Speech of the UN Special Rapporteur on the Right to Food, Michael Fakhri, at the CFS 47 Side Event
Hello, my name is Michael Fakhri. I am the UN Special Rapporteur on the Right to Food. I am sorry that I cannot be speaking to you live today but due to the pandemic and time zone differences, I have to provide this video instead.
COVID-19 has not only been a public health crisis, but it has also generated a hunger crisis. The virus is new, but it has been predictably harshest on marginalised people. In fact, the world was falling behind on fully realising the right to food even before the current pandemic.
The number of hungry and undernourished people in the world has been rising since 2015. And the situation is getting worse. The virus continues to ravage humanity; even with new vaccines, it will be some time before the global health situation stabilises and it will be at least a decade before the world recovers economically. Meanwhile, Member States and international organisations have not yet come together to tackle the looming hunger crisis.
Different international organisations are doing their best. But there remains no internationally coordinated action responding to the hunger crisis caused by the pandemic. Not at the General Assembly, not at the Human Rights Council, and not at the Committee on World Food Security. I should add that COVID-19 is not on the Food Systems Summit’s agenda.
In other side events, I have addressed why a human rights approach is needed to tackle COVID-19. I want to focus my remarks here on why the CFS is best positioned to take on the hunger crisis that this virus has exacerbated.
Remember that the CFS was first created in 1974 because of the spread of global famine and hunger. The CFS was reenergised in 2010 because of the food crisis. And today, we face the existential crisis of climate change. This global pandemic is only a practice run for what lies ahead. The CFS is already well positioned to act.
Today’s panelists are able to articulate how the CFS can quickly act based on existing reports and policy instruments. These are things like the HLPE Issues Paper on COVID-19, the CFS Tenure Guidelines, the CFS Framework for Action in Protracted Crisis, the International Labour Organisation Policy Recommendations, and my newest report to the Human Rights Council.
These instruments and others can provide the backbone for a coordinated response. I don’t think the difficulty lies in developing global policy to tackle the pandemic and the hunger crisis. The bigger questions are: Why has not the CFS already acted? Where are the blockages for action? Who is holding up the process?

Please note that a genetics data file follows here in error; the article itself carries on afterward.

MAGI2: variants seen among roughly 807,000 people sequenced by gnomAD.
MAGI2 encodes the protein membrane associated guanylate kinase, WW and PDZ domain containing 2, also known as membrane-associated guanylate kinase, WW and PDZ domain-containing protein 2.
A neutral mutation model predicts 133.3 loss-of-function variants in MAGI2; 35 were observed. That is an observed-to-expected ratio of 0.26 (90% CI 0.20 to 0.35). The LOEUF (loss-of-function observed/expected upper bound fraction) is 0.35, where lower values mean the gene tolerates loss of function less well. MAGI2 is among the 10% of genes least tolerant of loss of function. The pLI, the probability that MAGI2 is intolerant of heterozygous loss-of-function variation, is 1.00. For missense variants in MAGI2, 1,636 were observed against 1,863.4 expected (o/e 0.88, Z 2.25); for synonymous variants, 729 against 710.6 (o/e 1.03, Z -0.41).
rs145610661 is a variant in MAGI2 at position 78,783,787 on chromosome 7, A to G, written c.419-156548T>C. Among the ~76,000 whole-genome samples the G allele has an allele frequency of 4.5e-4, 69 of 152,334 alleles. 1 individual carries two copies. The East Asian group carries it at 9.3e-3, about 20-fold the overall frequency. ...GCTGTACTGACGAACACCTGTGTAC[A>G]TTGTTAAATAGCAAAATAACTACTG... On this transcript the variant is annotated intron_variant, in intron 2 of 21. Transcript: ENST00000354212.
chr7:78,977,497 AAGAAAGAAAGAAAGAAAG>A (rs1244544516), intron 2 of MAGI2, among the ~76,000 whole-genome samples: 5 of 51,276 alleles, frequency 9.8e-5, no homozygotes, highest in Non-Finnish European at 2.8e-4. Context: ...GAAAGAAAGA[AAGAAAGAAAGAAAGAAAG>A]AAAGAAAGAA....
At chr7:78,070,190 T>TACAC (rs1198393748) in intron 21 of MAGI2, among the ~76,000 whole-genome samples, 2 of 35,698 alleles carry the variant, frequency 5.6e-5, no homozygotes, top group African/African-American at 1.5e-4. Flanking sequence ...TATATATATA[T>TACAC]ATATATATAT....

These are undoubtedly political questions. So new politics are required. New coalitions of governments willing to come together, willing to work together, and push through the CFS. We are all overstretched. Governments are struggling. Workers, peasants, pastoralists, and fishers are struggling. Most acutely, women are struggling because they are having to do more care work. The pandemic has perpetuated cycles of inequality, with women bearing the brunt of the impact and economic shock.
Therefore, I ask the CFS to stop everything that it’s doing right now and focus entirely on the COVID-19 pandemic hunger crisis. Now is the moment to effectively use what little time and energy we have.
No new policy instrument and no new negotiations are going to feed people. Collective action, multilateral coordination, and implementation is what’s going to get us through this. If after the crisis, people are more sick, tired, and hungry, then the CFS will have failed. The international system will have failed. No one will remember or care if this instrument or that instrument was successfully completed.
I hope to see three outcomes from the CFS:
- Complete commitment to tackling the pandemic and the creation of a COVID-19 Plan
- The CFS use this plan to coordinate multilateral action amongst Member States.
- The CFS use this plan to coordinate international organisations. Let me address this a bit more.
Unfortunately, international organisations have an ambivalent relationship to the CFS. Therefore, Member States must come together, use the new COVID-19 plan, and direct the FAO, IFAD, and WFP to work together. Importantly, the International Labour Organisation must be invited as a full partner.
Remember, one key function of International Organisations is to serve the most vulnerable Member States and people, based on what those States and people demand. Let the CFS be place where those demands and plans are made clear. Let the CFS be the place where governments take action.
Register for the side event via: http://tiny.cc/CFSresponse